Obesity is a risk factor for musculoskeletal pain in adolescents: Findings from a population-based cohort

Kevin C Deere, Jacqui Clinch, Kate Holliday, John McBeth, Esther M Crawley, Adrian Sayers, Shea Palmer, Rita Doerner, Emma M Clark, Jonathan H Tobias

Research output: Contribution to journalArticle (Academic Journal)peer-review

107 Citations (Scopus)


Obesity is a risk factor for fibromyalgia in adults, but whether a similar relationship exists in children is uncertain. This study examined whether obesity is associated with reporting of musculoskeletal pain, including chronic regional pain (CRP) and chronic widespread pain (CWP), in adolescents, in a population-based setting. A pain questionnaire was administered to offspring of the Avon Longitudinal Study of Parents and Children at age 17, asking about site, duration, and pain intensity, from which participants with different types of musculoskeletal pain were identified. Relationships between obesity and pain were examined by calculating odds ratios stratified by gender and adjusted for socioeconomic status as reflected by level of maternal education. A total of 3376 participants (1424 boys) with complete data were identified, mean age 17.8; 44.7% of participants reported any pain within the last month lasting 1day or longer; 16.3% reported lower back pain, 9.6% shoulder pain, 9.4% upper back pain, 8.9% neck pain, 8.7% knee pain, 6.8% ankle/foot pain, 4.7% CRP, and 4.3% CWP; 7.0% of participants were obese. Obesity was associated with increased odds of any pain (odds ratio [OR] 1.33, P=.04), CRP (OR 2.04, P=.005), and knee pain (OR 1.87, P=.001), but not CWP (OR 1.10, P=.5). Compared with non obese participants, those with any pain, knee pain, and CRP reported more severe average pain (P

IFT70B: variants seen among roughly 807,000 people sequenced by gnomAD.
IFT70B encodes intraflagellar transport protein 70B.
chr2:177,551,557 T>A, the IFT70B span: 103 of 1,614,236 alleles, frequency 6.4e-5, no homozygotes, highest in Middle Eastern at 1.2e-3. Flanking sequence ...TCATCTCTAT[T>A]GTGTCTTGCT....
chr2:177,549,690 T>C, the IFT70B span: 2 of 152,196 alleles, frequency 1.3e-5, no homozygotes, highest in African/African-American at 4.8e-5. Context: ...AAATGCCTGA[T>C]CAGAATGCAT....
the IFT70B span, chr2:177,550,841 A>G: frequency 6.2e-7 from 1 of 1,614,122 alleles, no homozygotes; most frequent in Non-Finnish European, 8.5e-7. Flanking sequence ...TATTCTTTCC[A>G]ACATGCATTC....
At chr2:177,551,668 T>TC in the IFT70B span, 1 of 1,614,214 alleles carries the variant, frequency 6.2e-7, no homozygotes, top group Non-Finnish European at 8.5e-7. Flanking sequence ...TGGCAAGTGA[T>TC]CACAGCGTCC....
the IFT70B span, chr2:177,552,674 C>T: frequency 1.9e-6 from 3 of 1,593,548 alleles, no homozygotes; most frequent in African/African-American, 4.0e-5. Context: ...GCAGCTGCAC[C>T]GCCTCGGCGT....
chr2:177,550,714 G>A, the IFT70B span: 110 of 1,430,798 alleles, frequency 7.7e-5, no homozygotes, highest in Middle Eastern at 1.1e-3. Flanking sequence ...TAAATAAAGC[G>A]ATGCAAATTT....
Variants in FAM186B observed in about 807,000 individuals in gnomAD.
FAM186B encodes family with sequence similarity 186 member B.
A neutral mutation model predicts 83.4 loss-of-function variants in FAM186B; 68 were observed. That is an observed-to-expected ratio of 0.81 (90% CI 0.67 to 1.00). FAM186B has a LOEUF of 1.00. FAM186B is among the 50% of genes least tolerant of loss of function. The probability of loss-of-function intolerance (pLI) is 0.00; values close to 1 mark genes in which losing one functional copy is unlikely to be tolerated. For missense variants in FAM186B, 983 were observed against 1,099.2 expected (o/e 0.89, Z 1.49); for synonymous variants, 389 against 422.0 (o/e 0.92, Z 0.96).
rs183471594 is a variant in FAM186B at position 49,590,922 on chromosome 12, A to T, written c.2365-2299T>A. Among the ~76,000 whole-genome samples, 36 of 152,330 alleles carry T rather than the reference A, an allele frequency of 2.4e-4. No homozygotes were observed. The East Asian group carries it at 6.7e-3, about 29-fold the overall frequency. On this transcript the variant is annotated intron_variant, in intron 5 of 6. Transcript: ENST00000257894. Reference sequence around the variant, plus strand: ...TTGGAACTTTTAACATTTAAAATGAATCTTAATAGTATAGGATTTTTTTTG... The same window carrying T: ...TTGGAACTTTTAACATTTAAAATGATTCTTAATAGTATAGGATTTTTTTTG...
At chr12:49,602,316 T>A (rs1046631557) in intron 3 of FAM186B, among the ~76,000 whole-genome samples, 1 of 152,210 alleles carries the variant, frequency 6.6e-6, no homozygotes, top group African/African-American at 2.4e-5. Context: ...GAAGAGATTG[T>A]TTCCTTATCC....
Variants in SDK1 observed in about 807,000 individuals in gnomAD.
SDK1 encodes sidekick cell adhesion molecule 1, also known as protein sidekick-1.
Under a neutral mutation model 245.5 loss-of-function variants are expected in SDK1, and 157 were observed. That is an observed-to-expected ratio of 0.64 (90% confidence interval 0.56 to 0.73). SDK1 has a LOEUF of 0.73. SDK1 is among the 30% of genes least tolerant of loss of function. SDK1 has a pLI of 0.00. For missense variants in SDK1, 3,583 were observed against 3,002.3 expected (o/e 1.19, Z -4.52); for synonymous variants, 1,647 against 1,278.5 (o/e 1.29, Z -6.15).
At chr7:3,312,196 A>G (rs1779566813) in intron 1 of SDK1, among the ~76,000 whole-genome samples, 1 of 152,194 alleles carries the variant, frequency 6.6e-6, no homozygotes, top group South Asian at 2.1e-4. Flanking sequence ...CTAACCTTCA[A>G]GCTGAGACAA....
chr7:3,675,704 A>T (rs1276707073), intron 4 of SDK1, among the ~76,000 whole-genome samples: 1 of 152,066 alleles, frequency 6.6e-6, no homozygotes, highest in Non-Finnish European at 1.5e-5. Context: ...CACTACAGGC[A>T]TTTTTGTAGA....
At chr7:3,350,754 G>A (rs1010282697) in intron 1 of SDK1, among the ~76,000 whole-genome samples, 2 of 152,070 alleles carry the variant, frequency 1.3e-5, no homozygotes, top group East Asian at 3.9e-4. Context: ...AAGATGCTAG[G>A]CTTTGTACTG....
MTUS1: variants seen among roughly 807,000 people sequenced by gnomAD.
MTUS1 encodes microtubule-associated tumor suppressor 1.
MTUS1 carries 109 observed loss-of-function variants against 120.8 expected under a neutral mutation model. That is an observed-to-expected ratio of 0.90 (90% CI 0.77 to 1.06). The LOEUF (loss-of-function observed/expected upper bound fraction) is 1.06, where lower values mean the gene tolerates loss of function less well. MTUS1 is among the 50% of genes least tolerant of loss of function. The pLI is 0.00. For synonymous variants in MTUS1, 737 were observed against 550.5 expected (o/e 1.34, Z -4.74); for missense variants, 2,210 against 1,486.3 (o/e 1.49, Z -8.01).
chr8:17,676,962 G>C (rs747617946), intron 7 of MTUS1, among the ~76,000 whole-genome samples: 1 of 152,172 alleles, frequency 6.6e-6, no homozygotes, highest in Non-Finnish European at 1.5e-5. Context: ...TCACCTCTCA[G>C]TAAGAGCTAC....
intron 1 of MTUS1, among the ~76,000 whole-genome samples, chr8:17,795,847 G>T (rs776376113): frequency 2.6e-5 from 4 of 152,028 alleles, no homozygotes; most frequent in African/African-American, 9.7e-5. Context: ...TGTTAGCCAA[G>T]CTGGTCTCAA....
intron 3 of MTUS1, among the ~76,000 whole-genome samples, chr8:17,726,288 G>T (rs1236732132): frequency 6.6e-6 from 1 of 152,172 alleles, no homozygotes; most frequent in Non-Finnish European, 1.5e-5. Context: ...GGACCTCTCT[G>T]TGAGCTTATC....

Original languageEnglish
Pages (from-to)1932-8
Number of pages7
Issue number9
Publication statusPublished - 2012


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